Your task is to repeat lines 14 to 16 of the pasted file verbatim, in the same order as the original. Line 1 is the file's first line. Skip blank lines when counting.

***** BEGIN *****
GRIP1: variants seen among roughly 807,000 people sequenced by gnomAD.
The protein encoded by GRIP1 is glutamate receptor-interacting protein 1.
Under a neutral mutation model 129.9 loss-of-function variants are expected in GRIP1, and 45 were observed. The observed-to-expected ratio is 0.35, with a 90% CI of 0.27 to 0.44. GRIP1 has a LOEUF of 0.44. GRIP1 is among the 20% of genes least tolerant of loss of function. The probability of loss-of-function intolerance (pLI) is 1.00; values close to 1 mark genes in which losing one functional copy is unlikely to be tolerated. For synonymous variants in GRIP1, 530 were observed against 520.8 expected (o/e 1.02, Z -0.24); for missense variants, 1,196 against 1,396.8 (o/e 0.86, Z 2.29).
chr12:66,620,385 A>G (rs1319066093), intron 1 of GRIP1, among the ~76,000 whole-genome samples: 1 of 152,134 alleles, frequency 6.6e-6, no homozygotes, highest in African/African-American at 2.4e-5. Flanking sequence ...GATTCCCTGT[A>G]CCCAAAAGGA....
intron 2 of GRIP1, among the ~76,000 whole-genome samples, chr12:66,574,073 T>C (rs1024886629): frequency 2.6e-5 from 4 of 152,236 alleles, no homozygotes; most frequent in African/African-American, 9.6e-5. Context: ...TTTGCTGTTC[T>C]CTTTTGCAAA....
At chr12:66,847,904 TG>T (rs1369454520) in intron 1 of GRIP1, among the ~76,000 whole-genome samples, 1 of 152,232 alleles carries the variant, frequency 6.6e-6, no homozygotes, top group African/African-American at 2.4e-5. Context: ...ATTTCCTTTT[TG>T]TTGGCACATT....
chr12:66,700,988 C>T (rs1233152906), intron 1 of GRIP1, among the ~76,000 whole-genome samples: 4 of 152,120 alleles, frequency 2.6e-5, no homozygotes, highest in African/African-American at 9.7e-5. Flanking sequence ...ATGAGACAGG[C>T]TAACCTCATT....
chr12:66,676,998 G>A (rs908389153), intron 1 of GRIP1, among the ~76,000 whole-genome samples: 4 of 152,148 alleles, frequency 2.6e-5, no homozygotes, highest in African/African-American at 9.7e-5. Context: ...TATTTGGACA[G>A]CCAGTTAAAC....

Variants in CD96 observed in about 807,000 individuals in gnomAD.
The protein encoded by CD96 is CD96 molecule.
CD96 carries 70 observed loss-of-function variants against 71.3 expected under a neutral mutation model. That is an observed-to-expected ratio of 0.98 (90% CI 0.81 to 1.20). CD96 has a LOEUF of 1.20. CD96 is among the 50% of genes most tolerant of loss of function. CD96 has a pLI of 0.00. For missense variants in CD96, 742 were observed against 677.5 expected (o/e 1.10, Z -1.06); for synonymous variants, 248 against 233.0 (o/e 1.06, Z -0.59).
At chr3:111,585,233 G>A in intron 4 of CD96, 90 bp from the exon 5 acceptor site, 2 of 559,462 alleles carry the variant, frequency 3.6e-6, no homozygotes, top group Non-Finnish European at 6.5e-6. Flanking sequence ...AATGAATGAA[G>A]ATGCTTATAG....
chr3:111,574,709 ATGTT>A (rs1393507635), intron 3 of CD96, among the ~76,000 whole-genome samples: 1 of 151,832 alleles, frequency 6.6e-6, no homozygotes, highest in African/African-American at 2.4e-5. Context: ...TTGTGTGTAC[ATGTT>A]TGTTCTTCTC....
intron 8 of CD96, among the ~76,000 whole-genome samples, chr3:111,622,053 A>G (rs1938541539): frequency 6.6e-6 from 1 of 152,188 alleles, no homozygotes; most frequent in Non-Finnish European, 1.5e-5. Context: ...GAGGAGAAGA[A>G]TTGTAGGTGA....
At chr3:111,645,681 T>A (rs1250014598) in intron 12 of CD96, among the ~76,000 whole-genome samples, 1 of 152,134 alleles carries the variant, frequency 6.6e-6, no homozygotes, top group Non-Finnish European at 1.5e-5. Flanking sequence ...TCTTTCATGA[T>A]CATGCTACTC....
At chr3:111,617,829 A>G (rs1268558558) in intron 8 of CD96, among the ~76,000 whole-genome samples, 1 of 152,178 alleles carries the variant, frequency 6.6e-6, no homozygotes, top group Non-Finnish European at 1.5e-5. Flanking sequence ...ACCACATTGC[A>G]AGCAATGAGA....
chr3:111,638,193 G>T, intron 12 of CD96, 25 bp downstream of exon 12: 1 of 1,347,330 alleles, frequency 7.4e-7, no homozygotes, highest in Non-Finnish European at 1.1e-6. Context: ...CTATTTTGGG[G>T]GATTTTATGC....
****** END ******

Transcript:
intron 8 of CD96, among the ~76,000 whole-genome samples, chr3:111,622,053 A>G (rs1938541539): frequency 6.6e-6 from 1 of 152,188 alleles, no homozygotes; most frequent in Non-Finnish European, 1.5e-5. Context: ...GAGGAGAAGA[A>G]TTGTAGGTGA....
At chr3:111,645,681 T>A (rs1250014598) in intron 12 of CD96, among the ~76,000 whole-genome samples, 1 of 152,134 alleles carries the variant, frequency 6.6e-6, no homozygotes, top group Non-Finnish European at 1.5e-5. Flanking sequence ...TCTTTCATGA[T>A]CATGCTACTC....
At chr3:111,617,829 A>G (rs1268558558) in intron 8 of CD96, among the ~76,000 whole-genome samples, 1 of 152,178 alleles carries the variant, frequency 6.6e-6, no homozygotes, top group Non-Finnish European at 1.5e-5. Flanking sequence ...ACCACATTGC[A>G]AGCAATGAGA....